The Fireplace and It’s Consequences

The weather outside has been frightful this December in Knoxville.  We’ve had snow and ice storms bad enough to clear the supermarkets’ bread and milk supply and cancel public schools for almost a week.  In the mid-south, this equates to about two inches of snow.  Although I scoff at the sheer panic, I’ll agree that it’s been flippin’ cold.

But I’ll tell you what’s been delightful about our first full winter in this house…

Finally, after years of daydreaming about it, it’s real.  There’s an actual, functional, wood-burning fireplace inside my primary residence!  We can watch a movie in the dark with a fire crackling in the background.  It’s awesome.  Truly.  And it heats the entire house so much better than our ancient furnace does.

Back in February, our home inspector recommended that we get the chimney swept, or at least inspected by a professional chimney sweep. Being surprised that chimney sweep was still an actual job, I was hoping for a hardscrabble, cockney-speaking bloke with black smudges across his cheeks.  To my disappointment, they were just good ol’ Tennessee boys who make most of their money cleaning air ducts.

Turns out we didn’t even need a sweep, but the $80 inspection gives us peace of mind that we won’t burn down the joint if we screw with the fireplace.

We’ve had two fires so far.  Although they’ve been warm and fuzzy, they bring up an issue that impacts my plan for the living room.

From the time we moved in, there has been a smoke mark on the ceiling directly above the fireplace, contributing to the dire need to repaint it.  I was all ready to get started painting it this weekend, but realized that I could be completely wasting my time.

We intend to use the fireplace heavily this year, and by doing so we could be contributing to that ugly smoke stain on the ceiling.  I could bust my ass painting it now, only to have to re-do it when spring rolls around.  The problem is that I have no idea how long it’s been since the ceiling was painted last.  How many fires does it take to get to the level of stain-age that we have right now?  It’s anyone’s guess.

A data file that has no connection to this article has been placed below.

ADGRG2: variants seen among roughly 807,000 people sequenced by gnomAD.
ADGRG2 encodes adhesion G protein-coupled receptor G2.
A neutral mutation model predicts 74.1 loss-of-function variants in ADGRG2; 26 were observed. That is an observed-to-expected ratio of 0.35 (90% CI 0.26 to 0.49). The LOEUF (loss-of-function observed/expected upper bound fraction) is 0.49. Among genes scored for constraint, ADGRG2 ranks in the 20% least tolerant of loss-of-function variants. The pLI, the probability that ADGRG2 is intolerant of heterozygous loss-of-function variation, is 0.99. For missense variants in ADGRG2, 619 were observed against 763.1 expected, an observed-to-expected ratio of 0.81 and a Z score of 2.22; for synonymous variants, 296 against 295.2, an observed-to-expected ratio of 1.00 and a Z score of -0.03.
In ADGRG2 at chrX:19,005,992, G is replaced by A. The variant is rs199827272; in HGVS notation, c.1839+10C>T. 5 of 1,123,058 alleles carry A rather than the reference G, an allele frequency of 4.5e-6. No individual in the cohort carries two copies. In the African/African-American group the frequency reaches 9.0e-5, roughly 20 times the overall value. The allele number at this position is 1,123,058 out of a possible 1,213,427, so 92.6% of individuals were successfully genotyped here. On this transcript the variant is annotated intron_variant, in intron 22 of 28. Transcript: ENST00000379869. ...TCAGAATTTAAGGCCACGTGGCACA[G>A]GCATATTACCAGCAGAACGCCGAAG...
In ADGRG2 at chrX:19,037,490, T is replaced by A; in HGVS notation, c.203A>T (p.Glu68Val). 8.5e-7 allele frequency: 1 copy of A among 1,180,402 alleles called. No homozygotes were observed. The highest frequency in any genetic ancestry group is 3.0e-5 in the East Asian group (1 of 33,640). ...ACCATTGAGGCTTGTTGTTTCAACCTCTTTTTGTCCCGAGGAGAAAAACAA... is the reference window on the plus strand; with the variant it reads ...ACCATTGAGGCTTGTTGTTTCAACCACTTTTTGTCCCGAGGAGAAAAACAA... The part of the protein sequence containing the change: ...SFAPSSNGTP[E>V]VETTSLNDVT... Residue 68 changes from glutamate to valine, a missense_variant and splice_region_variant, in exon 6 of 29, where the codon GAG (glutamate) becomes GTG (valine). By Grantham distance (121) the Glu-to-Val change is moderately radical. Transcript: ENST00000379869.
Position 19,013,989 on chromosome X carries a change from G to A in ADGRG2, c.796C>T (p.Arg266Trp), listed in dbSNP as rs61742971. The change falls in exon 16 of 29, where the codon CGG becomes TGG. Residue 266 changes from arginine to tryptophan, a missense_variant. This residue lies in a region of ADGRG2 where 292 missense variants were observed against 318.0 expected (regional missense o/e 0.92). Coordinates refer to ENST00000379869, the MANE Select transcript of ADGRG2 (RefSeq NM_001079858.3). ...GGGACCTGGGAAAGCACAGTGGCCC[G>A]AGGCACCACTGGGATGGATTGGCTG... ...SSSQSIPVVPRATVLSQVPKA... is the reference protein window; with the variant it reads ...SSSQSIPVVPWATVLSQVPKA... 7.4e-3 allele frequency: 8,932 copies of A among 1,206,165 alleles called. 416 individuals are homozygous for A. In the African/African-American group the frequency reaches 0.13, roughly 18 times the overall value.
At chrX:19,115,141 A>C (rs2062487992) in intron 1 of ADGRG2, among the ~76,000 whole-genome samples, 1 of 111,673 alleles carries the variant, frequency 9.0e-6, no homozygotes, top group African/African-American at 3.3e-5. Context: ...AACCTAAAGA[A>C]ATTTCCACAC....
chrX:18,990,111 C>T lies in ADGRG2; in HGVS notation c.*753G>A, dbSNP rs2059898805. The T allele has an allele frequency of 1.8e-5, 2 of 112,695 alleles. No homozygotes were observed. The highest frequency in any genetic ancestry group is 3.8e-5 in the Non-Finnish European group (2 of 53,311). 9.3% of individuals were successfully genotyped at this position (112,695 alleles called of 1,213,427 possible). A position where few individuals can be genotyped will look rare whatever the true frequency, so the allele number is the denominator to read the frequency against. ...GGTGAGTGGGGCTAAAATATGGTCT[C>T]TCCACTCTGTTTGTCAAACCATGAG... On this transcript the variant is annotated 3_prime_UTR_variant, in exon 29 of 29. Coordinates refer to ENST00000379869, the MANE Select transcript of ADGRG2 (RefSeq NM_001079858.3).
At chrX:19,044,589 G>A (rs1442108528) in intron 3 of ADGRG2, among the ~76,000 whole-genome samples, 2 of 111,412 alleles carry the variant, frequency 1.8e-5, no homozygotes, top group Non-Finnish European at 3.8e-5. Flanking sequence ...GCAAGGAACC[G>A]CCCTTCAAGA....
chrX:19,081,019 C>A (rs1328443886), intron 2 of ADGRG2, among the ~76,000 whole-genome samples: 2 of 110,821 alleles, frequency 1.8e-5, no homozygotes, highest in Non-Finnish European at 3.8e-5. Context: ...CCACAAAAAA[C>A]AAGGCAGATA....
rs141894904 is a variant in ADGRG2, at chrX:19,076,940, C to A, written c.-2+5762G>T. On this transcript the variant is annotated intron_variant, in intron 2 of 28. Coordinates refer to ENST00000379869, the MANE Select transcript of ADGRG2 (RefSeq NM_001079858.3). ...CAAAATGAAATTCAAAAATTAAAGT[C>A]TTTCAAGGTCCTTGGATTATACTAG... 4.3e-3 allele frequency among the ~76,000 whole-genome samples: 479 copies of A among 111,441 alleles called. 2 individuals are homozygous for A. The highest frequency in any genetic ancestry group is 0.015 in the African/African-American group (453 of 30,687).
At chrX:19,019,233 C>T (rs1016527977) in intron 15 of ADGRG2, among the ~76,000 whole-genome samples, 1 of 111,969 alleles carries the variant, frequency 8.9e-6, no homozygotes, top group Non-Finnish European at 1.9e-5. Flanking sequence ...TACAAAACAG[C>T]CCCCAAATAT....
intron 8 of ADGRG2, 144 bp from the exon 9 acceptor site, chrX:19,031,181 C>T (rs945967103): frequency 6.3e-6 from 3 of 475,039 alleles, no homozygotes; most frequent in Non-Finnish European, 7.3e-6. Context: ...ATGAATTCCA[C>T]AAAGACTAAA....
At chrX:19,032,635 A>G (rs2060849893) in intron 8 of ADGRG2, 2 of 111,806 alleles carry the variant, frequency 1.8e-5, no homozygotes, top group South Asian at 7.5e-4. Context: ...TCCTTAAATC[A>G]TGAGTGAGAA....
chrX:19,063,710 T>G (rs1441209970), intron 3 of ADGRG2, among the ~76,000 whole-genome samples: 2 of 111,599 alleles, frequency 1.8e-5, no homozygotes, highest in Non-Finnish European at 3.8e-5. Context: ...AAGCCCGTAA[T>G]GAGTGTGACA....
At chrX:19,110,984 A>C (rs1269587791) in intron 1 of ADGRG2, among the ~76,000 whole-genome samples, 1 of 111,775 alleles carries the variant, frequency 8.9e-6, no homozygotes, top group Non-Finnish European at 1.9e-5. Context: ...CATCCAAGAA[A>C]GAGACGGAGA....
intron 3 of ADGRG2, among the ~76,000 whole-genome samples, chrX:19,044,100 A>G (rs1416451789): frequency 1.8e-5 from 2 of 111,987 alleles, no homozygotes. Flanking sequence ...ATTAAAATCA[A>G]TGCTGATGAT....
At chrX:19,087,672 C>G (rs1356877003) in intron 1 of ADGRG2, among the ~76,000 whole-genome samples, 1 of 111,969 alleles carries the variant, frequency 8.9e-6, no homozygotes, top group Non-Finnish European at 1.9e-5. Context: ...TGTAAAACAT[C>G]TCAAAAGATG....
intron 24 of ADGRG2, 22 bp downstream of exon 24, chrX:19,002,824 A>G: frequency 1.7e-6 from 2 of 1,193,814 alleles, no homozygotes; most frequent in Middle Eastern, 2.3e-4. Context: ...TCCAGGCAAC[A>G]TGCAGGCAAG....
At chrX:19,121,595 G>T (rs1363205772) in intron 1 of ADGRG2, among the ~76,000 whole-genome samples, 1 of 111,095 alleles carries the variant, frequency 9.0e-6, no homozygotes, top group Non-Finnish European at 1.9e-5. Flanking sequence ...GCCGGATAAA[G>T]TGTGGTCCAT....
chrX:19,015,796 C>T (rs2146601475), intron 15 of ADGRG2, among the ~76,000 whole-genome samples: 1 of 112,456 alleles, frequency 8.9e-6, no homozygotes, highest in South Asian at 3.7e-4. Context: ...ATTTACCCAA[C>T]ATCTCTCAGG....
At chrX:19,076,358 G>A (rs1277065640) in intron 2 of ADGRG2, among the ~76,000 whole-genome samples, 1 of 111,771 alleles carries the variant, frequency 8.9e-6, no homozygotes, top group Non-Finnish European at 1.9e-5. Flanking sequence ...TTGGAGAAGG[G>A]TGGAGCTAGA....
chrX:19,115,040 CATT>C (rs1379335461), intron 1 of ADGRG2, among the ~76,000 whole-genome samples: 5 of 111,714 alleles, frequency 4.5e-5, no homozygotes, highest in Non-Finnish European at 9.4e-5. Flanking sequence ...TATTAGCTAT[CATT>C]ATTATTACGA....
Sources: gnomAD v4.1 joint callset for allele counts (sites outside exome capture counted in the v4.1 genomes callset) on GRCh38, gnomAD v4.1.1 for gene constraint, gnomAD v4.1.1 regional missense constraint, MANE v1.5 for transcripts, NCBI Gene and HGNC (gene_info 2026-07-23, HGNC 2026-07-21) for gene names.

So I’ve executed a little test.

I have some flat white ceiling paint leftover from the office, so I painted a patch of the ceiling that overlaps with the really bad part of the smoke stain.  The contrast in the picture above shows you just how nasty and grey it is currently.

So the idea is to wait it out through a few more fires and see if the nice white patch gets dirtied up.  I’m desperately hoping that it it will be okay and I can proceed with the living room as planned.  But if the new paint does get stained quickly, I may have to put it on the back burner until the spring.

Long term, we’re thinking about what we can do to eliminate the smoke issue.  The chimney sweep guy said that because of the small proportions of the firebox, it will always have a tendency to emit more smoke inside the house.  The only viable solution seems to be a wood-burning insert like this one:

Since our house seems to be heated very well via fireplace, this would let us throw some logs onto the fire before bed and safely let it burn away all night long.  It would also regulate the smoke and air flow adequately.

The downside?  It looks like they cost about $1200.  Yeah, maybe next year.

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5 thoughts on “The Fireplace and It’s Consequences

  1. Love fireplaces! I think the smokestain might just go with it, though. My parents always open the bathroom window just a crack when they have a fire, I think its so the living room doesn’t fill with smoke- for some reason, even when the chimney is clean, it tends to drift into the room instead of up. The chimney sweep they use has an office in a small building that looks like a beehive. No cockney lads, alas, but they have a big shaggy dog at the office that almost makes up for it.

  2. looks great! I love fireplaces. I bet it took at least a few years to get a noticeable smoke stain, though I really have no basis for my guess. I am interested to see how your experiment goes 😀

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